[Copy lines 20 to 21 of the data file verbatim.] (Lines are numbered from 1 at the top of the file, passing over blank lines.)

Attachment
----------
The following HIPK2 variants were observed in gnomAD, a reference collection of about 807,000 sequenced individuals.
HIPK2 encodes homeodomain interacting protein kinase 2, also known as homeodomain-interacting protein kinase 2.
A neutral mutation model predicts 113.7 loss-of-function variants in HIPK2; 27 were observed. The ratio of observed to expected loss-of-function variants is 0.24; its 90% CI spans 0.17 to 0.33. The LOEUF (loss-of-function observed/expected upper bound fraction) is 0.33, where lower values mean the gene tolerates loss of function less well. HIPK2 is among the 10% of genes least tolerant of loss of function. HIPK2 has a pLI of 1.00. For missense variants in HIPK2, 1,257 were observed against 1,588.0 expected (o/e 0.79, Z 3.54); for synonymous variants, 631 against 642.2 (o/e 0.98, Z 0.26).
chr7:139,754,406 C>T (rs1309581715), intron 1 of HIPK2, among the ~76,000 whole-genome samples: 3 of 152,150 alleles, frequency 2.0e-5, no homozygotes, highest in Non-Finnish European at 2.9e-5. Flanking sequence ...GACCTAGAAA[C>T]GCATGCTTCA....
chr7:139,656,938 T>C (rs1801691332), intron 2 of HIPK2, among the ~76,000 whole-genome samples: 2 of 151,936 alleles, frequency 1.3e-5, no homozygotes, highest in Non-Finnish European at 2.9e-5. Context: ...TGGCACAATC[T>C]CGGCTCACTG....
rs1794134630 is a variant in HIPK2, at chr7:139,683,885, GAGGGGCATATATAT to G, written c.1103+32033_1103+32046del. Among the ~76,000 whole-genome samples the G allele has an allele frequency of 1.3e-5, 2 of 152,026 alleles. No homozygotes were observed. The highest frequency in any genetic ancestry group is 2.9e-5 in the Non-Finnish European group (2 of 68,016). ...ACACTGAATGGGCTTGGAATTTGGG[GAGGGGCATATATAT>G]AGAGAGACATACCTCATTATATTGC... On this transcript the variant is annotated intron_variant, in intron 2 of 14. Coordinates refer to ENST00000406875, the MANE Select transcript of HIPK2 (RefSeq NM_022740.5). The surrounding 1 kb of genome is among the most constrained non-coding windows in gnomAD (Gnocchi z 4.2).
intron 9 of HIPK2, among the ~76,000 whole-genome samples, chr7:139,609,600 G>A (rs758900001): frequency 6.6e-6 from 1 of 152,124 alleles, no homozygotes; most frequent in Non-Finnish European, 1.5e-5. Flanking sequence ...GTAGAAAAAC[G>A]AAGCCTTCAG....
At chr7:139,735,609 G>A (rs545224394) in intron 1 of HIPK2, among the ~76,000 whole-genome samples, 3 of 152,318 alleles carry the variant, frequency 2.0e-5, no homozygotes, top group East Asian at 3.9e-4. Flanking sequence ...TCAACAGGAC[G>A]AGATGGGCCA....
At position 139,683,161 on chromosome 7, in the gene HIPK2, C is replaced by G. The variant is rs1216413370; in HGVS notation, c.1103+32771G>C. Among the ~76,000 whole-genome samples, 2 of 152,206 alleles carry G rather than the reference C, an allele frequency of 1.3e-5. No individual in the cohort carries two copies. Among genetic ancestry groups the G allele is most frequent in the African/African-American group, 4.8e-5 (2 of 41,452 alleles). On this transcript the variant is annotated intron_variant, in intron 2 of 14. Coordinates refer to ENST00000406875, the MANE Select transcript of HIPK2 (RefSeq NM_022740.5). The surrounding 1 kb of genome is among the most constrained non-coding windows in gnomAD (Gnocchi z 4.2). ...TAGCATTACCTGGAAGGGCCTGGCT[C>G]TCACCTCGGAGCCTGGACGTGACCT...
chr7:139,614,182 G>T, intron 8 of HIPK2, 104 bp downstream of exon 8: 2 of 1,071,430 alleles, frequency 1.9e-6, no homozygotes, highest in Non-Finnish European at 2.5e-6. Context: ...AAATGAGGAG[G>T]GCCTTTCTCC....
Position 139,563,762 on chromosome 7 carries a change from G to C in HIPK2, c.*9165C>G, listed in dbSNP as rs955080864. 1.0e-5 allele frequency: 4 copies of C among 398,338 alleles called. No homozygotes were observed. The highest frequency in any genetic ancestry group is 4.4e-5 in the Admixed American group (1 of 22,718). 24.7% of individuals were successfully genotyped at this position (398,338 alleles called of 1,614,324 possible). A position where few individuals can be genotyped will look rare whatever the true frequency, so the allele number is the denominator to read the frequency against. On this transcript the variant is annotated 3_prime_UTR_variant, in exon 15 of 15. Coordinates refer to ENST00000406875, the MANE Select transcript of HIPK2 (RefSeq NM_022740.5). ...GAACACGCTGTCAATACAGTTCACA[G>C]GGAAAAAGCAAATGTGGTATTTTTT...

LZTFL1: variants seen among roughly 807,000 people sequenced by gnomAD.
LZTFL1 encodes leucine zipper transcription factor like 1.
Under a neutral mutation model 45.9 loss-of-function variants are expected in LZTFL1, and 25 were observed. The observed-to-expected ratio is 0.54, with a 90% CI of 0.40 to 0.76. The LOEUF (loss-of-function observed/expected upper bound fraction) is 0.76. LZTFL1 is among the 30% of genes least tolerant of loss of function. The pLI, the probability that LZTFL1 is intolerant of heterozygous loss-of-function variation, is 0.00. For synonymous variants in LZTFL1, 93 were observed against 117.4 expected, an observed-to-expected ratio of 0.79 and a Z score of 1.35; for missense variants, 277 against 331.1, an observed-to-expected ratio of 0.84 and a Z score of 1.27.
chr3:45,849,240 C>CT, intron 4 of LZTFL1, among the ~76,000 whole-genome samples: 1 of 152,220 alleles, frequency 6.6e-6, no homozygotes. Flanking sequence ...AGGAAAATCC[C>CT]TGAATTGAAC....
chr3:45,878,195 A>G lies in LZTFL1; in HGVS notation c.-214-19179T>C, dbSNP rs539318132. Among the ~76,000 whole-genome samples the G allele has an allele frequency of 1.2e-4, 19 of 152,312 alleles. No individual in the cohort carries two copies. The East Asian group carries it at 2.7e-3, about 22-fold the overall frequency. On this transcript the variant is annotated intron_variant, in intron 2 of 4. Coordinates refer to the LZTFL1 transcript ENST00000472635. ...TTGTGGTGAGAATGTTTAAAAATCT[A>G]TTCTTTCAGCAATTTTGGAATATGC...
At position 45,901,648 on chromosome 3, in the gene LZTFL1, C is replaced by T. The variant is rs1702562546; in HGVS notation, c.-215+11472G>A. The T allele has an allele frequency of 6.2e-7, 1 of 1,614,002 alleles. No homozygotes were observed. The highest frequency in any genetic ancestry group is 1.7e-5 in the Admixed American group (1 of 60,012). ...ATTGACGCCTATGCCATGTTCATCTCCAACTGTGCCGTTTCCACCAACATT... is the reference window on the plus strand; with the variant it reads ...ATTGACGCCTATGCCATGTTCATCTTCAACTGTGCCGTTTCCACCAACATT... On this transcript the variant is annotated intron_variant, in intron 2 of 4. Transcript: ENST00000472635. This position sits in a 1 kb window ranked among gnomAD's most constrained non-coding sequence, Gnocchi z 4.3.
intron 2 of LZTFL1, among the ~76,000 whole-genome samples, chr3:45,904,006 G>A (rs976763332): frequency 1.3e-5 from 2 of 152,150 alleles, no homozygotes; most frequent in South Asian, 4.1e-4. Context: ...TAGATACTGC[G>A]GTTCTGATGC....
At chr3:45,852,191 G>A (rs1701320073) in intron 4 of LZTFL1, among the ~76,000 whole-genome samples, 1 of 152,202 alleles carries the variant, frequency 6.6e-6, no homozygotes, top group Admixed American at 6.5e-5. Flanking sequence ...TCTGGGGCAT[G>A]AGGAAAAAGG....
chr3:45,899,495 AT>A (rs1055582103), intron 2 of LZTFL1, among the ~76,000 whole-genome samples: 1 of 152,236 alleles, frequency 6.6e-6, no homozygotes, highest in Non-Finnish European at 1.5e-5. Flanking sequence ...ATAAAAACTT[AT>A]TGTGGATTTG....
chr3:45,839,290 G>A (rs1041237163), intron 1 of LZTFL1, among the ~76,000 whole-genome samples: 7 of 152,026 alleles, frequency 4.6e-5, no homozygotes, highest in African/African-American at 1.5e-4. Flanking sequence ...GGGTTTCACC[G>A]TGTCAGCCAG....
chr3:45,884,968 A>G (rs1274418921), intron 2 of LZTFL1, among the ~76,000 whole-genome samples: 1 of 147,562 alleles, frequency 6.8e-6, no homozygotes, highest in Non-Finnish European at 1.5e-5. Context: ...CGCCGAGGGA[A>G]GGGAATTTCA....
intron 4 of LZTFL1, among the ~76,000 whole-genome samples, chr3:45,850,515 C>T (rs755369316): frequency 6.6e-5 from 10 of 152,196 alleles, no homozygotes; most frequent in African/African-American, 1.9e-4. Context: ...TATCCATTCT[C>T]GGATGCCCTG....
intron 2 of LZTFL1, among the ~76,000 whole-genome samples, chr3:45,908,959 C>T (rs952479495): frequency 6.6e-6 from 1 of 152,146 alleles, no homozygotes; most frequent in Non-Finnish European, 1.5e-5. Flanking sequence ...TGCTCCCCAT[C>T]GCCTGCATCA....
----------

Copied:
chr3:45,899,495 AT>A (rs1055582103), intron 2 of LZTFL1, among the ~76,000 whole-genome samples: 1 of 152,236 alleles, frequency 6.6e-6, no homozygotes, highest in Non-Finnish European at 1.5e-5. Flanking sequence ...ATAAAAACTT[AT>A]TGTGGATTTG....
chr3:45,839,290 G>A (rs1041237163), intron 1 of LZTFL1, among the ~76,000 whole-genome samples: 7 of 152,026 alleles, frequency 4.6e-5, no homozygotes, highest in African/African-American at 1.5e-4. Flanking sequence ...GGGTTTCACC[G>A]TGTCAGCCAG....